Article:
The Royal Society of Queensland is the senior learned society in the State. It traces its ancestry to the Royal Society of London, founded in 1660. It issued the ﬁrst annual Proceedings in 1884.
The Society seeks to increase awareness of and respect for intellectual inquiry in Queensland. It encourages original scholarly research and the application of scientiﬁc knowledge and evidence-based method to policy-making and decision-making. The Society provides a forum for scientists and lay people to involve themselves in the progress of science in society, with ‘science’ defined broadly.
The Society advocates on behalf of science but is not politically aligned. It networks between disciplinary specialists, government and the community; holds seminars crossing disciplinary and sectoral silos; and publishes the annual Proceedings. It hosts the Queensland Policy Network , an initiative at an early stage of development.
Queensland Science Network
The Queensland Science Network , hosted by the Royal Society of Queensland, is a collaboration between some 22 not-for-profit scientific societies. Its website, which went live on 18 June 2018 but is at an early stage of development, will serve as a portal to each participating group and to a calendar of forthcoming events. The Network has a Facebook page under construction. The domain www.scienceqld.org.au is a registered address of the Society and complements the Queensland Government’s science site, www.des.qld.gov.au/science/ .
Member Alan Lauder, “The Carbon Expert”, features in a video that has had 2,500 views on one day. Check the Facebook site of Soils for Life:
Ms Unger won the award for AusIMM Professional Excellence. She was nominated by the Community and Environment Society of AusIMM for various committee roles and for policy advocacy on mine rehabilitation and closure and abandoned mines over the years. She was previously the inaugural chair of the Society’s Committee.
The photo shows Ms Unger receiving her award presented at the AusIMM Annual Awards Dinner on 21 April 2018 in Adelaide.
She is progressively populating a page on our website with documents on mine remediation: http://www.royalsocietyqld.org/mine-rehabilitation/.
Society member Robert Whyte has just signed off on the artwork for the third printing of his A Field Guide to Spiders of Australia, CSIRO Publishing 2017, with Greg Anderson co-author. The first printing sold out in under four weeks. This third printing contains about 50 updates, mostly taxonomical changes since 1 June 2018.
A short foreword by Tim Low is followed by an entertaining preface and a general preamble covering elements of diversity, history, anatomy, biology and shortcuts to identifying spider groups.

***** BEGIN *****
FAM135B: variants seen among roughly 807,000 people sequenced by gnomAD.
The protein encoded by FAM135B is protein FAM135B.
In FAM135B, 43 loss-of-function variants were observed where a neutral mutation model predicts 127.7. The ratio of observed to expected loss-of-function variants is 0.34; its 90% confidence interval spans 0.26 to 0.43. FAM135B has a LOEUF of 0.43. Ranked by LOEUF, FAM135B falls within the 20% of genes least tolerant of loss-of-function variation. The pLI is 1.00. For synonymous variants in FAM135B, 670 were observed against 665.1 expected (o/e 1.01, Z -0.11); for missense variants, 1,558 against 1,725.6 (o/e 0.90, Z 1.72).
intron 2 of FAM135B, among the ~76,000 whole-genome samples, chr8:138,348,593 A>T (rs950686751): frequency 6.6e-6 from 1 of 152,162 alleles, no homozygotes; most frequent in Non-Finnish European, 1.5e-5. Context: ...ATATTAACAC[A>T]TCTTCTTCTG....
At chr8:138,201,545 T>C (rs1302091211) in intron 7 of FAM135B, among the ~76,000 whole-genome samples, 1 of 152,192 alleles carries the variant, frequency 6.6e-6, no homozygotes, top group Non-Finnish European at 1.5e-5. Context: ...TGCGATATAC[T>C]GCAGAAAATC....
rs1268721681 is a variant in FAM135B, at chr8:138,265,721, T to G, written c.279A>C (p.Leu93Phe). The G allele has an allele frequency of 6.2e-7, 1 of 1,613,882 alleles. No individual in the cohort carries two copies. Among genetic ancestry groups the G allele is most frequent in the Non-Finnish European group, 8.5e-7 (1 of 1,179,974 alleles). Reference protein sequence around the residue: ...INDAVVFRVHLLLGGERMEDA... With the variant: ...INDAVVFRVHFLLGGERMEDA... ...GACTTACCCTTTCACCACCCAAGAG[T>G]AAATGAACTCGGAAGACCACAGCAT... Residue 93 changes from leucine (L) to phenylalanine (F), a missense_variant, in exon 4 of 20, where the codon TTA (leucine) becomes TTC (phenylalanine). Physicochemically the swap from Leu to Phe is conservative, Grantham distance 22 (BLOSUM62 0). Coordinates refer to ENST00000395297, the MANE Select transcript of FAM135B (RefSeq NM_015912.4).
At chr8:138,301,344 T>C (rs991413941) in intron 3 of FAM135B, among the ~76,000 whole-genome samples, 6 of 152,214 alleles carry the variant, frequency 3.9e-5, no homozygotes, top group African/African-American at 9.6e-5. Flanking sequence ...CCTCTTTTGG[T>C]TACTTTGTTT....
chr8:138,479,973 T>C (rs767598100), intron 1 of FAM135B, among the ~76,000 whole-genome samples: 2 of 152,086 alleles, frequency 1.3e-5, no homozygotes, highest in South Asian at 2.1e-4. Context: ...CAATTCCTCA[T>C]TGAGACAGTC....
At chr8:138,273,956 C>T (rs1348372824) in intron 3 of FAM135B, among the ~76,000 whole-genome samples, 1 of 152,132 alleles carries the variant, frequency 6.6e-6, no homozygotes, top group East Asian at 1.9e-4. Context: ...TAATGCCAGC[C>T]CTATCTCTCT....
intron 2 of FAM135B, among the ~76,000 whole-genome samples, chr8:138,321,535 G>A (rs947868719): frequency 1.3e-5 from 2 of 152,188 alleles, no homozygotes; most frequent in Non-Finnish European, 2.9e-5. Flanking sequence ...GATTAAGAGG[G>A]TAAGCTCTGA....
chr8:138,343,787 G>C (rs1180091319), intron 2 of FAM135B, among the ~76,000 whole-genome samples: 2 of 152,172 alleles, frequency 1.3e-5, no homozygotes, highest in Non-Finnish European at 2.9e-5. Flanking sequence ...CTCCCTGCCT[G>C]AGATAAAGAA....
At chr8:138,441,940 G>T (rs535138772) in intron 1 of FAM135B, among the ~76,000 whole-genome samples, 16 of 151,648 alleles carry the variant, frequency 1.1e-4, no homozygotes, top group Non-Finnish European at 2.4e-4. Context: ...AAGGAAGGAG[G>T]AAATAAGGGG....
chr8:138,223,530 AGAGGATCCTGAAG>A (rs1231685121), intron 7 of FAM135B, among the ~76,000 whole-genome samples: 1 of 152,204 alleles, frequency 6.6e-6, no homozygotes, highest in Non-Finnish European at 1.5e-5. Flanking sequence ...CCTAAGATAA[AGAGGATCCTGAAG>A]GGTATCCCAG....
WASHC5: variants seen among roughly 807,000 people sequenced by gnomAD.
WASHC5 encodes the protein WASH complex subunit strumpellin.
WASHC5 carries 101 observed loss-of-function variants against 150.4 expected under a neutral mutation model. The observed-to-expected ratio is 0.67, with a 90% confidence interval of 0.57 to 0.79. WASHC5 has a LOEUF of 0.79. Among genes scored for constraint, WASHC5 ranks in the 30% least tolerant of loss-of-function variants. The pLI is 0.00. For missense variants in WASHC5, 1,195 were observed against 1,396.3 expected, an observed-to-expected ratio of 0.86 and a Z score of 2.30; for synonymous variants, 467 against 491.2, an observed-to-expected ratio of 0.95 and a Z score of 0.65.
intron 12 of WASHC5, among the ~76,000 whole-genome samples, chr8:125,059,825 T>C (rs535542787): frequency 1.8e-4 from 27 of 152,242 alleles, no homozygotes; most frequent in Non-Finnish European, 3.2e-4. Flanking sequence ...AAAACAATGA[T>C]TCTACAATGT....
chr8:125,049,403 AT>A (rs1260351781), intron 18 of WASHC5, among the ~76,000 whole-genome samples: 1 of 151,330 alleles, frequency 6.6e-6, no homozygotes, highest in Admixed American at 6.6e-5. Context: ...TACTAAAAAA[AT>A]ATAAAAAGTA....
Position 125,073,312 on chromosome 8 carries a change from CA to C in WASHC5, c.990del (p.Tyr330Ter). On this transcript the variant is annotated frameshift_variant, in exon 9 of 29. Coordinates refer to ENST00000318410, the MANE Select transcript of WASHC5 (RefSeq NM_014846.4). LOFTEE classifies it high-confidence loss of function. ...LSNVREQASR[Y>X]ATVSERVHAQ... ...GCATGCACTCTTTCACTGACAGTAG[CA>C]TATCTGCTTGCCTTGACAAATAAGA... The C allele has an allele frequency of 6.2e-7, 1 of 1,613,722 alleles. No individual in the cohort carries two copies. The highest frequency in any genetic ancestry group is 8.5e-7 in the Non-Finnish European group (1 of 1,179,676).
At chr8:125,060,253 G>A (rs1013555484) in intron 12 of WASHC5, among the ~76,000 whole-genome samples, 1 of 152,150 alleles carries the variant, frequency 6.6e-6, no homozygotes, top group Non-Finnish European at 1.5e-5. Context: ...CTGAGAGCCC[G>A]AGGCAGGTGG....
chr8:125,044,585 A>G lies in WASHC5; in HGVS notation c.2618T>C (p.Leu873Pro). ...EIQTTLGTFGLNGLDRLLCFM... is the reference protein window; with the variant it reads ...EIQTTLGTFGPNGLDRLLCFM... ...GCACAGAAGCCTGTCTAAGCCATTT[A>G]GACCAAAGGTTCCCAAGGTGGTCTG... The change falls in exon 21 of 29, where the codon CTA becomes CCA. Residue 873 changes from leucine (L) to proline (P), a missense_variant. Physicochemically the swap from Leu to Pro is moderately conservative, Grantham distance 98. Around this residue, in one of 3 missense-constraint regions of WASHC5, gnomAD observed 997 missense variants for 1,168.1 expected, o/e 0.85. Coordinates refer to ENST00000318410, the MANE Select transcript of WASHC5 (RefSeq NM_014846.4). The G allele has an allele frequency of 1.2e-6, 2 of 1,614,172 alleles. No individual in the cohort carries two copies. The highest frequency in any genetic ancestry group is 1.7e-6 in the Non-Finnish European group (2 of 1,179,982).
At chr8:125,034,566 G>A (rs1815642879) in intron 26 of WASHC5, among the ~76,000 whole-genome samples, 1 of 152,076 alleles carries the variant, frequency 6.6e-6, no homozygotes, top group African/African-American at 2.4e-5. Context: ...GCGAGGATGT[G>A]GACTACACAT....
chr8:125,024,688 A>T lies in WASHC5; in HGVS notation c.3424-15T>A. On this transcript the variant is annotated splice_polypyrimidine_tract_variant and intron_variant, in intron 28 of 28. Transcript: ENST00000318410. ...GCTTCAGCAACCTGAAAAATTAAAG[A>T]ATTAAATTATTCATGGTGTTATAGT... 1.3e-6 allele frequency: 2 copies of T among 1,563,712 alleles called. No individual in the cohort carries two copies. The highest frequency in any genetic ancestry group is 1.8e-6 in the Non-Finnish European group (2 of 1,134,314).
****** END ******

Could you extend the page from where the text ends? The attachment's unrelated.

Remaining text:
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Are we all born equal? How early in life (or in the womb) is our life trajectory set? Are poor life skills the product of our upbringing, or genetically predetermined? What factors most dispose teenagers to end in gaol? Which preconditions of ill health in young people are most fundamental and most ripe for remedial investment? Does out-of-home care lead youngsters to an unstable, unhealthy life or do behavioural problems lead to separation from family?
No one disputes that human behaviour is conditioned by factors pre-determined at birth, by factors determined by upbringing and by free choices made by people capable of rational thought and agency. How relatively powerful are the pre-natal and early childhood factors? The answer determines whether dysfunctional behaviour should be seen as primarily a health problem or a criminal justice problem.
Come along and contribute your insights to the general discussion, and to a model of preventative health being developed for the Queensland Government. See flyer for more details and see Eventbrite to register.
A Discussion Paper From Red to Black to Green has been released (20 June 2018) (3MB). All those interested in the management of Queensland’s pastoral zone are invited to turn to our Stewardship page for this report and supporting documents; and then turn to the Stewardship Responses page for feedback received to date. The paper outlines a proposal for a “stewardship incentives scheme” and offers a policy framework for the Land Restoration Fund announced during the 2017 State election.
The Discussion Paper is a submission to the Society and does not necessarily represent the Society’s policy.
The 122nd annual edition of this venerable journal is now available for purchase. Articles this year:
Frederick Strange, naturalist – Pat Comben
Propagation of rock oysters – Ben Diggles
Building science into policy – Geoff Edwards
Decline of native flora for bees – Don Keith
Lungfish endangered – Anne Kemp
Monitoring of mine rehabilitation – David Marlow
Masterplan of Brisbane – Nedjima Mouhoubi et al
Environmental studies at Griffith – Calvin Rose et al.
Copies are available from the Secretary ($35, PO Box 6021 St Lucia 4067) or per article from our agent Informit. Members receive a print copy free of charge.
Researchers with scientific knowledge to share are invited to submit papers for forthcoming issues of the Proceedings of the Royal Society of Queensland. Separate Guides to Authors for each issue are available.
Proceedings 123 – the annual issue, published regularly since 1884, dedicated to publishing general science related to Queensland – copy deadline 1 July 2018. Contact Hon. Editor Dr Barry Pollock firstname.lastname@example.org.
Special Issue on Eungella rainforests – contact Prof Roger Kitching, Guest Editor.
Special Issue on preventative health – deadline 31 December 2018. Contact Dr Joseph McDowall, Guest Editor.
Abstracts of completed students’ dissertations at honours level and above are warmly invited, especially if the authors do not intend to publish them subsequently.